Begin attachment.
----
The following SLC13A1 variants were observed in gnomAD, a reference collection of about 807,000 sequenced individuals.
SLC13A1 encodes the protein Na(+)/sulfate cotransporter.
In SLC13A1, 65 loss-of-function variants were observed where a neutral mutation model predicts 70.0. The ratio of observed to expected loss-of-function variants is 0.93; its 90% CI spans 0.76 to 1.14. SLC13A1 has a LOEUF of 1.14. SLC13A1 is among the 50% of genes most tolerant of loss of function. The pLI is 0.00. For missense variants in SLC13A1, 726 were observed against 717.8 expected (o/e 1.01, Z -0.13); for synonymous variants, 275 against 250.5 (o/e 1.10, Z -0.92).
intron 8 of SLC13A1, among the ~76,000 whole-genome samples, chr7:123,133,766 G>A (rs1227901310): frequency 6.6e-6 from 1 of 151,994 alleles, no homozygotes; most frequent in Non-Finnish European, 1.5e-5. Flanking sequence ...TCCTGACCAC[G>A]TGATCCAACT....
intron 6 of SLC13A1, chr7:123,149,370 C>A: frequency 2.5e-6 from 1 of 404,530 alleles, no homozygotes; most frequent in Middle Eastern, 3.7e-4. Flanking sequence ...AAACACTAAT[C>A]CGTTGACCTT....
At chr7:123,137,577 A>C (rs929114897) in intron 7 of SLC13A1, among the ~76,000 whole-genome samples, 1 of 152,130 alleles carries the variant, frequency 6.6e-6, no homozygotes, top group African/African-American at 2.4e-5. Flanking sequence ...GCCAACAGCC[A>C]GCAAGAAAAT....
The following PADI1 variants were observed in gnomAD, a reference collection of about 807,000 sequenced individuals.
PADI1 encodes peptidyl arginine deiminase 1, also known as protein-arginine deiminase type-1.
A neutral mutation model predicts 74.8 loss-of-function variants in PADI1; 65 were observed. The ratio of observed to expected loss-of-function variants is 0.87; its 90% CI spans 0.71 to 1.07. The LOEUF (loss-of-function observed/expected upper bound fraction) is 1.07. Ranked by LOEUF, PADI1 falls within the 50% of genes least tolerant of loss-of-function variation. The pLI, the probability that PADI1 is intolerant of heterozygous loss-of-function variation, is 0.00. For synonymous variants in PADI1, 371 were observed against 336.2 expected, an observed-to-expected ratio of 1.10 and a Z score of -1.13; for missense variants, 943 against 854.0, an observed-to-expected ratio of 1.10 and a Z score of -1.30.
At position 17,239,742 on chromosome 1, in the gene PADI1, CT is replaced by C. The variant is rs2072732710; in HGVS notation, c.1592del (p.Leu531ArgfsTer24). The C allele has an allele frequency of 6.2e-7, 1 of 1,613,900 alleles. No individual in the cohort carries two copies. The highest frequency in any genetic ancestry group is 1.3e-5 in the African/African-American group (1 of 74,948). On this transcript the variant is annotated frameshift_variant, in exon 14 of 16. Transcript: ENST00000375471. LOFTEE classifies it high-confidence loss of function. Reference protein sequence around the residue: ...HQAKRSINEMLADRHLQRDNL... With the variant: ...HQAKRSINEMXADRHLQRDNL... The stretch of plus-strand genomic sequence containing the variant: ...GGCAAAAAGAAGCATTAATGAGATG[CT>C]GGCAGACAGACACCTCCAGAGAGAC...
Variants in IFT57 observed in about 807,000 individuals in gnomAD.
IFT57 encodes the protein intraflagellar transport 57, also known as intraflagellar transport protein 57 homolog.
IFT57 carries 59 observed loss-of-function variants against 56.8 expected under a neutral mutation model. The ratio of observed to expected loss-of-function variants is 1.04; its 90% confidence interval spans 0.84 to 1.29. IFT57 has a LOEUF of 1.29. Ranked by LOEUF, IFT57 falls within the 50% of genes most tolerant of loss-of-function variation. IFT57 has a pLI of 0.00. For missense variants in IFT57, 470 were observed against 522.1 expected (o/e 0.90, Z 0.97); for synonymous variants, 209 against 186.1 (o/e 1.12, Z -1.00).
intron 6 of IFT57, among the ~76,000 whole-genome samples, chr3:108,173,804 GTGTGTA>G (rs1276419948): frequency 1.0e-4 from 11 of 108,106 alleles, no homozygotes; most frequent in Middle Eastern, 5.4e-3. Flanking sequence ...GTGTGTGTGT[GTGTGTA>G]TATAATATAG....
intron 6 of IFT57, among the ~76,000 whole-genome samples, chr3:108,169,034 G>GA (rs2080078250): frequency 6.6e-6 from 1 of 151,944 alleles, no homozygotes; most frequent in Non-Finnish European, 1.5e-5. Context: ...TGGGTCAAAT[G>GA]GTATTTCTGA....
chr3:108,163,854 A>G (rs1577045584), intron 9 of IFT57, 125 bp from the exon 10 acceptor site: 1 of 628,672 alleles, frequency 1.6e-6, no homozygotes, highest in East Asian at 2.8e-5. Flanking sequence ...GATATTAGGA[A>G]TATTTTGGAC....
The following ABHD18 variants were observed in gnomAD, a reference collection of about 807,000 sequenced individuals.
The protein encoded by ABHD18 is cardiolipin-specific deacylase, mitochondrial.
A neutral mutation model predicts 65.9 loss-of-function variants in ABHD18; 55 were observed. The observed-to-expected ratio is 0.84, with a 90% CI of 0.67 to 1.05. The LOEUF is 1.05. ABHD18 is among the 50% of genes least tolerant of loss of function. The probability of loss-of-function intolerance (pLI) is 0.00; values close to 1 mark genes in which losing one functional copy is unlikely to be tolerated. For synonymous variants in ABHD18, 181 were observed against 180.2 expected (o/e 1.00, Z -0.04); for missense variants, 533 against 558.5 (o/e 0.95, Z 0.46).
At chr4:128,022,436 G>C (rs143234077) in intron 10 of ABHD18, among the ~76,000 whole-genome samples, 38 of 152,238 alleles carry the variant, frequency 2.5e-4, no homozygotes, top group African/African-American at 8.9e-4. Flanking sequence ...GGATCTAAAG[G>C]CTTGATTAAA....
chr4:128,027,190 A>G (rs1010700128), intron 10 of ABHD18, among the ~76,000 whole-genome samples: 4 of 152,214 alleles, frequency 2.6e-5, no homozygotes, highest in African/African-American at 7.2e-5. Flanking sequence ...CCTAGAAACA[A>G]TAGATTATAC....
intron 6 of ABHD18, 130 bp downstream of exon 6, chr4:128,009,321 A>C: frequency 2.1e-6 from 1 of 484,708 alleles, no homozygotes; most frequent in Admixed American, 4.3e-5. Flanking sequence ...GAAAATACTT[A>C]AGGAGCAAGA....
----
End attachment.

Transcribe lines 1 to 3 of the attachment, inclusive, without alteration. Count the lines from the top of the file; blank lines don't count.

The following SLC13A1 variants were observed in gnomAD, a reference collection of about 807,000 sequenced individuals.
SLC13A1 encodes the protein Na(+)/sulfate cotransporter.
In SLC13A1, 65 loss-of-function variants were observed where a neutral mutation model predicts 70.0. The ratio of observed to expected loss-of-function variants is 0.93; its 90% CI spans 0.76 to 1.14. SLC13A1 has a LOEUF of 1.14. SLC13A1 is among the 50% of genes most tolerant of loss of function. The pLI is 0.00. For missense variants in SLC13A1, 726 were observed against 717.8 expected (o/e 1.01, Z -0.13); for synonymous variants, 275 against 250.5 (o/e 1.10, Z -0.92).